An Anglican Covenant - Consultation Paper

 

Joint Standing Committee 'Towards an Anglican Covenant' A Consultation Paper on the Covenant Proposal of the Windsor Report

What form of covenant is best suited to the needs of the Communion at the present time?

Models of Covenant

  1. Considerable thought has to be given to the form of the covenant which is needed in the life of the Communion at the present time. Does it need to be short, rather like the Bonn Agreement, or complex? The content could simply restate a lapidary Anglican formula (such as the Lambeth-Chicago Quadrilateral). If so, then although the process leading to its adoption will be of very great educational importance and symbolic significance, it will have limited impact on the internal structures of the Churches and Provinces, or on their relationship in legal terms with one another. Most Churches and Provinces should have little difficulty in signing up to such a Covenant, so long as the text confines itself to widely-established and respected principles. If, at the other extreme, the content includes some ceding of jurisdiction to the Archbishop of Canterbury, or to one or more of the Instruments of Communion, then there are many Churches or Provinces which for a variety of reasons will have serious reservations about signing up. That has been a sticking point since at least the first Lambeth Conference in 1867. There can be no illusions: the detail of the Covenant will determine the extent of its acceptability.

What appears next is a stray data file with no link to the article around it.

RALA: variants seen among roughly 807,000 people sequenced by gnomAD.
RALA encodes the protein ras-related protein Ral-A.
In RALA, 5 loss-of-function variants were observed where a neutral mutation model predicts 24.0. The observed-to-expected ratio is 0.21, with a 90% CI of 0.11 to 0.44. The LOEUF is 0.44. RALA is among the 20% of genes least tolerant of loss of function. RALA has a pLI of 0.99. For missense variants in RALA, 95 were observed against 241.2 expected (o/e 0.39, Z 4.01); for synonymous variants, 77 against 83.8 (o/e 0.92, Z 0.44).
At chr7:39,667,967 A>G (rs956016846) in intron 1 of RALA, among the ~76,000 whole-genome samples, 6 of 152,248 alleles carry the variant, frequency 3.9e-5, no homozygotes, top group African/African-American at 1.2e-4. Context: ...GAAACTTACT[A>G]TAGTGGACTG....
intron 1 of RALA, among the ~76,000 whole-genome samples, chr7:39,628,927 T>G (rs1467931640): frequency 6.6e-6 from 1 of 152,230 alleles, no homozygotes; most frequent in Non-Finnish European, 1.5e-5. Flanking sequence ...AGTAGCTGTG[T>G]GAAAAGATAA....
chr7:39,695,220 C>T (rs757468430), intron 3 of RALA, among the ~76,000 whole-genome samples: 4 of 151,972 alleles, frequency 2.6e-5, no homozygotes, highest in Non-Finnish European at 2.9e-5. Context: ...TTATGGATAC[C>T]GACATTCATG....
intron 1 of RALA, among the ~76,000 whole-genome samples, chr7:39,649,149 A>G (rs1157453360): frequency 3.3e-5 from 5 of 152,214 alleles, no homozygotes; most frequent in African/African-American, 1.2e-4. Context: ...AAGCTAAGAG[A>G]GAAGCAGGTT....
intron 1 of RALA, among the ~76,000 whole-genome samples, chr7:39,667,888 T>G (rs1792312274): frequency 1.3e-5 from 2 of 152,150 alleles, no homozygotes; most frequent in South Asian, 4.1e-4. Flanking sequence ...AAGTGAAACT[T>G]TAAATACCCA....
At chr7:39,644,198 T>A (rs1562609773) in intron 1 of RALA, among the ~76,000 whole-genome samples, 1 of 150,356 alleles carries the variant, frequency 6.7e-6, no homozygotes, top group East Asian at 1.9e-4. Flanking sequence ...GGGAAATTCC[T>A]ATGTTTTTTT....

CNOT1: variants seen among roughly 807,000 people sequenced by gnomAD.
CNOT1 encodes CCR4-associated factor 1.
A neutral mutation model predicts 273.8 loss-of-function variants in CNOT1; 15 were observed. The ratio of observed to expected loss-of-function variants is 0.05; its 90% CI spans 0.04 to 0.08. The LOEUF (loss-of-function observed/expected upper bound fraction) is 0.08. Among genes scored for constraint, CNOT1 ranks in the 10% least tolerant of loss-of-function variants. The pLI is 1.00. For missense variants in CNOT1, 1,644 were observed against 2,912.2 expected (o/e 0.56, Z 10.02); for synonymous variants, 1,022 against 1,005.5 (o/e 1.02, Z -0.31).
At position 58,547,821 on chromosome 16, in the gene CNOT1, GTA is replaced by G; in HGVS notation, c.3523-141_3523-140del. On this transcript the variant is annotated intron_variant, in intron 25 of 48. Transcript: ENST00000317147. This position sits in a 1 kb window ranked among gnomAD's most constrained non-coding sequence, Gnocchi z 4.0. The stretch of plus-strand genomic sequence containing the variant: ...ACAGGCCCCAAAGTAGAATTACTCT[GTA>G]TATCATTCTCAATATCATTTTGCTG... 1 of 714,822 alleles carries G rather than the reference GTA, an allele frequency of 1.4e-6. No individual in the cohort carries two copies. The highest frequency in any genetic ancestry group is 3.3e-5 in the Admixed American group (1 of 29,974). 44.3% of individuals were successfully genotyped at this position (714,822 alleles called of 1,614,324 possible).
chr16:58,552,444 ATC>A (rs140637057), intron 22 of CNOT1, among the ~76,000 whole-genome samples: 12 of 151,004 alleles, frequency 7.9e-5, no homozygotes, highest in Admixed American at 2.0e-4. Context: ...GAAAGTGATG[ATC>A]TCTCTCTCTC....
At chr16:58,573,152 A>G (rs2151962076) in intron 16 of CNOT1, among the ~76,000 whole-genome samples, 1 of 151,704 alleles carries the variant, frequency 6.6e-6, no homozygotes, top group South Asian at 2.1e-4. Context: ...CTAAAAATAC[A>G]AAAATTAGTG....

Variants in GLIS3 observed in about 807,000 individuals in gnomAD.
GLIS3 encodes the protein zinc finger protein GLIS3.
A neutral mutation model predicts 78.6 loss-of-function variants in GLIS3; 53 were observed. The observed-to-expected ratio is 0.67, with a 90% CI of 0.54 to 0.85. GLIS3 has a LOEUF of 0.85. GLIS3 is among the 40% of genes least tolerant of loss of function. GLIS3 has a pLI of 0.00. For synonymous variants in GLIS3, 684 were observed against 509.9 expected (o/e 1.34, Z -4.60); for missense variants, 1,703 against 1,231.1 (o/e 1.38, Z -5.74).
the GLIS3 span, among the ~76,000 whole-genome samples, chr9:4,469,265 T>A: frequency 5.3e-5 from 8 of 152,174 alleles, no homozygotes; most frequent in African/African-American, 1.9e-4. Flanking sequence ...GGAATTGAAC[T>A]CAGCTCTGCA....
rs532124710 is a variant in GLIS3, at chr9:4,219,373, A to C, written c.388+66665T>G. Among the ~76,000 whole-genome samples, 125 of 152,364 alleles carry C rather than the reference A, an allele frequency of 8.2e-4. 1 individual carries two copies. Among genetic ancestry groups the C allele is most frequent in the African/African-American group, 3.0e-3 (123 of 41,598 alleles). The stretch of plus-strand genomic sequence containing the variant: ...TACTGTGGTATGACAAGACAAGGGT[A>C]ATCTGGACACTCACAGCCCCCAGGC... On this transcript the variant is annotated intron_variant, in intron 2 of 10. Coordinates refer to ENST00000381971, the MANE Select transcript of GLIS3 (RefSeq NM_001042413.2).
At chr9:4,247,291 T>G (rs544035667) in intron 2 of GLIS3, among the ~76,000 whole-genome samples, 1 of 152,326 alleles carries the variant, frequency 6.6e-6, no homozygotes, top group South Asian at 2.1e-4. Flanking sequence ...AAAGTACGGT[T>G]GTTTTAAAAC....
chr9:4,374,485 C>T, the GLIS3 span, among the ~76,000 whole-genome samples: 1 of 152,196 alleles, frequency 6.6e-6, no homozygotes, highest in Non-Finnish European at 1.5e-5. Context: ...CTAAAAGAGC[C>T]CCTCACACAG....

2. The tone of the covenant is also something to be considered. The covenant draft included in Appendix Two of TWR is juridical in style and character. Drawing on the existing statements and resolutions on Communion life, it used a register of canonical language to define the relationship between the churches of the Communion. In contrast, the draft covenant produced by IASCOME is motivational in form, committing the Communion to common action.

  3. Questions to be addressed include:

    • Should the covenant speak of the Communion as it is, or as it wishes to become?
    • How far should it speak in aspirational language? Would the use of such language reduce its practical utility?
    • Should it adopt a pattern of affirmations and commitments similar to many ecumenical covenants?
    • Should the covenant set out the articles of belief of the Anglican Communion?
    • Should it speak of the relationships between the Provinces, living in autonomy-in-communion, and the processes by which their common life is nourished and sustained?

  4. For the purposes of the Communion, it would seem appropriate that our churches build on the idea of a promise from God that we shall be led to truth and unity, so that the covenant becomes a renewal of our commitment to respond to this promise in our life together in the Communion.